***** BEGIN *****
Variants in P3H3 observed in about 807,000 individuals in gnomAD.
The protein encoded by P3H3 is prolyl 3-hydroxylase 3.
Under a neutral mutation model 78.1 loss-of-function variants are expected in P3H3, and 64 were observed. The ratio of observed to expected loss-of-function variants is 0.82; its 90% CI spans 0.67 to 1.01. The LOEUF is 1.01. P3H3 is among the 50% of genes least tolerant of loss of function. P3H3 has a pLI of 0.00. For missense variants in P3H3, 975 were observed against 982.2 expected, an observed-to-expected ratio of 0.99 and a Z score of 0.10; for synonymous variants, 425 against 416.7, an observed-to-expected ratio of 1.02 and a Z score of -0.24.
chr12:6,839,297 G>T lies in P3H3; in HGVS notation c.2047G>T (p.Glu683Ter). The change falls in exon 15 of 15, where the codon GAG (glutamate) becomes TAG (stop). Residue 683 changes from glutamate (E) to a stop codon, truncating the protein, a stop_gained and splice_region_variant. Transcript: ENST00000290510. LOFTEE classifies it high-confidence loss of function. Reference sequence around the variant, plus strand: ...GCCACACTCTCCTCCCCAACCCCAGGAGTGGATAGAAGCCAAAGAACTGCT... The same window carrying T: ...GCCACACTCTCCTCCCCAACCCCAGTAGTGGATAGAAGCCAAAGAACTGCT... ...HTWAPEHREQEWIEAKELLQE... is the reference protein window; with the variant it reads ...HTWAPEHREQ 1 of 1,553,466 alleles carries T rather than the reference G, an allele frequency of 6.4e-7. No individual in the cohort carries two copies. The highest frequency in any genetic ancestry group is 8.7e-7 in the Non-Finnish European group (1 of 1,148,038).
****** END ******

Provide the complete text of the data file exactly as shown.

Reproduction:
Variants in P3H3 observed in about 807,000 individuals in gnomAD.
The protein encoded by P3H3 is prolyl 3-hydroxylase 3.
Under a neutral mutation model 78.1 loss-of-function variants are expected in P3H3, and 64 were observed. The ratio of observed to expected loss-of-function variants is 0.82; its 90% CI spans 0.67 to 1.01. The LOEUF is 1.01. P3H3 is among the 50% of genes least tolerant of loss of function. P3H3 has a pLI of 0.00. For missense variants in P3H3, 975 were observed against 982.2 expected, an observed-to-expected ratio of 0.99 and a Z score of 0.10; for synonymous variants, 425 against 416.7, an observed-to-expected ratio of 1.02 and a Z score of -0.24.
chr12:6,839,297 G>T lies in P3H3; in HGVS notation c.2047G>T (p.Glu683Ter). The change falls in exon 15 of 15, where the codon GAG (glutamate) becomes TAG (stop). Residue 683 changes from glutamate (E) to a stop codon, truncating the protein, a stop_gained and splice_region_variant. Transcript: ENST00000290510. LOFTEE classifies it high-confidence loss of function. Reference sequence around the variant, plus strand: ...GCCACACTCTCCTCCCCAACCCCAGGAGTGGATAGAAGCCAAAGAACTGCT... The same window carrying T: ...GCCACACTCTCCTCCCCAACCCCAGTAGTGGATAGAAGCCAAAGAACTGCT... ...HTWAPEHREQEWIEAKELLQE... is the reference protein window; with the variant it reads ...HTWAPEHREQ 1 of 1,553,466 alleles carries T rather than the reference G, an allele frequency of 6.4e-7. No individual in the cohort carries two copies. The highest frequency in any genetic ancestry group is 8.7e-7 in the Non-Finnish European group (1 of 1,148,038).